Columbia University

Columbia University Fellowship for Historical Dialogue and Accountability

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Please note that the deadline for applications is 7 March 2014.

CALL FOR APPLICATIONS

Alliance for Historical Dialogue Fellowship Program
Fall 2014 (August 26, 2014 –December 15, 2014)

The Institute for the Study of Human Rights (ISHR) at Columbia University is now accepting applications to for its residence Fellowship for Historical Dialogue and Accountability.

Practitioners of historical dialogue and accountability from conflict, post-conflict and postdictatorial societies will have the opportunity to engage in training, networking, project work, academic and applied study. The comprehensive program provides Fellows with the opportunity to hone practical skills in fundraising, advocacy and leadership, to develop a deeper understanding of dealing with the past, and to foster mutually beneficial relationships with their peers and with international and non-profit organizations in New York City and Washington, DC.

The Program is designed for NGO practitioners, journalists, lawyers, teachers, social workers, community organizers, and others working on issues including (but not limited to) transitional justice, truth and reconciliation, historical conflict, indigenous and minority rights, social accountability, memory studies, oral history, sites of memory and related areas where historical dialogue is a central component. Preference will be given to those who can demonstrate an established work record of several years relating to historical dialogue and accountability. More details and the application can be found at www.hrcolumbia.org/ahda/.

CFP: The Crypt(ic)

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The Crypt(ic)

Institute for Comparative Literature and Society – Annual Graduate Student Conference

Columbia University, New York

March 29, 2014

Keynote speaker: Gail Scott (Université de Montréal)

“The distortion of a text resembles a murder: the difficulty is not in perpetrating the deed, but in getting rid of its traces.” Freud, Moses and Monotheism.

The architectural crypt is the site of sacred relics situated outside of the space of religious practice. It is the foundation that is permanently hidden from view, its animating sanctity alien to the rituals of worship that it legitimates. Exegesis begins with a death that is the crypt of writing. For Freud, this distortion of text is both a transformation and a displacement: the transformation of lived memory into a documentary apparatus and its displacement to a site of repetition and reproduction. What escapes the “bottleneck of the signifier” is rendered spectral – a ghostly presence haunting the regimes of meaning.

The Crypt(ic) proposes to explore the spaces rendered obscure by regimes of signification, yet constitutive of both the content and the delimitation of meaning. The social and political articulate this relationship. For Marx, there is no value without surplus and no labor without estrangement; the obscure precedes and delineates its normative condition. The categories of (non-surplus) value and (unalienated) labor are the particular, perhaps illusory, conditions of a cryptic generality. Likewise, the political as the contestation of power is obscured from politics as the instantiation of power. A mind trained in the globalized humanities towards reading the (social) text of the past and of our own time can try to break the code that conceals the crypt(ic) from plain view, perhaps putting it in a position where it itself encrypts again: the question remains how to wrestle with this double bind in an ever-unfinished attempt to change its course, to put it to work.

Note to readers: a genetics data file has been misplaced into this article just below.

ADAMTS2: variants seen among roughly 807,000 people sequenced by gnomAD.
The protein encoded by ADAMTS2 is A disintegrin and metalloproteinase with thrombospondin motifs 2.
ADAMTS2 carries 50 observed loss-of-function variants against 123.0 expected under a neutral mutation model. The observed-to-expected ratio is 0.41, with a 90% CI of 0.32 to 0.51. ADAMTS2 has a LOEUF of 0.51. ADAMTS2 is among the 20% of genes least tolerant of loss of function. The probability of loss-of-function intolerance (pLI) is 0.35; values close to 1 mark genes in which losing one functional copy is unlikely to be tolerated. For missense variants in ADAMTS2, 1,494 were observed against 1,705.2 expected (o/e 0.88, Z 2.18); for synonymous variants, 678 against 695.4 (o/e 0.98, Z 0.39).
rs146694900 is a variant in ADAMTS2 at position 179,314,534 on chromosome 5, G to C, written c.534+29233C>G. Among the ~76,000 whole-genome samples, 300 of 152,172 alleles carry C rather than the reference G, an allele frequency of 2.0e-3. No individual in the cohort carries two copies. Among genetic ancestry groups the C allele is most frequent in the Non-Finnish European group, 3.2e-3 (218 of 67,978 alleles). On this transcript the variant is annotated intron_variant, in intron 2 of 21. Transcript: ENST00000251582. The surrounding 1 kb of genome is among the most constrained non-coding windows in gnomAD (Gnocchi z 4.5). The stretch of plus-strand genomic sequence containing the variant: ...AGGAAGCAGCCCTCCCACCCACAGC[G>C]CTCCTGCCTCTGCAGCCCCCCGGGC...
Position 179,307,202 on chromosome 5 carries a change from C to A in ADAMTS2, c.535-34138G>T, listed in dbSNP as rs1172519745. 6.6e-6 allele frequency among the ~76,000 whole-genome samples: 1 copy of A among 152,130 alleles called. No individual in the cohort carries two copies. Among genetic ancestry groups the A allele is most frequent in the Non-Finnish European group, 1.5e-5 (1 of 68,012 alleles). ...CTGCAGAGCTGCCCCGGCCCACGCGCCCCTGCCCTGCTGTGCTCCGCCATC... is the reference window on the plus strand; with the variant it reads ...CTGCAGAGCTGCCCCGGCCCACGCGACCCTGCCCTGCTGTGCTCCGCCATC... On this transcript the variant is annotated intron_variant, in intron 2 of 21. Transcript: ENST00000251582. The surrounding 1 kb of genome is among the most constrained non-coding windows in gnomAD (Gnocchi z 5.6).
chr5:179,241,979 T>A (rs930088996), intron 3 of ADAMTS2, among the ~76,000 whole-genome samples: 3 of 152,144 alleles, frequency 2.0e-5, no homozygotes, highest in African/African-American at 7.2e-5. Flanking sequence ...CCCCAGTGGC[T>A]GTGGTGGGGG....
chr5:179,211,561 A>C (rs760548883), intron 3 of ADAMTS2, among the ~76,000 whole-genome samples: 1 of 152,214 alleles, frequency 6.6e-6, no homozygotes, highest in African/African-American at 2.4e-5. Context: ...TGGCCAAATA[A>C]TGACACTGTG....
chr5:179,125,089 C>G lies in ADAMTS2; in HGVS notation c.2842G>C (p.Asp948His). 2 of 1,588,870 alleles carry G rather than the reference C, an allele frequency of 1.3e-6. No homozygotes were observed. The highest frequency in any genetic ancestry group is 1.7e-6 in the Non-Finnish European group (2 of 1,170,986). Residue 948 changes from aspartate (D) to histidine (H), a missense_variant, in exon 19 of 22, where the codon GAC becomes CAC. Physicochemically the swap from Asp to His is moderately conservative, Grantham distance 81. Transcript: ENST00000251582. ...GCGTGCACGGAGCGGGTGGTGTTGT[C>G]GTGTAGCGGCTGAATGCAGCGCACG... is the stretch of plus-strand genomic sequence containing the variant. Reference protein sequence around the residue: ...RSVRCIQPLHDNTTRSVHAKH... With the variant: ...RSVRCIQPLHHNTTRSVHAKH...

We welcome papers that explore obscurity, estrangement, concealment, and displacement across the humanities and the social sciences. To consider conditions in which the hidden precedes the particular necessarily disrupts disciplinary boundaries. Papers might consider the constitution of “the other” within the construction of normativity; practices of the archive or of digitalization within the humanities; alienation and estrangement in political, economic, and social theory; the uncanny, the occult, and the monstrous in art and literature; subalternity as conditioned by the history of (post)coloniality and globality; the (in)visibility of the race, class, and (heteronormative) gender lines; repression, abreaction, and parapraxis in psychoanalytic theory; or the role of chaos or the abyss in metaphysics and epistemology. We likewise welcome discussion of the hidden or obscure in contemporary theory such as, but not limited to, Rancière’s Dissensus,Castoriadis and Lefort’s notions of the political, Derrida’s Parergon, Deleuze’s Body without Organs, or recent reassessments of Fanon and Beauvoir.

Please send an abstract of no more than 300 words to iclsgradconf@gmail.com by January 15, 2014.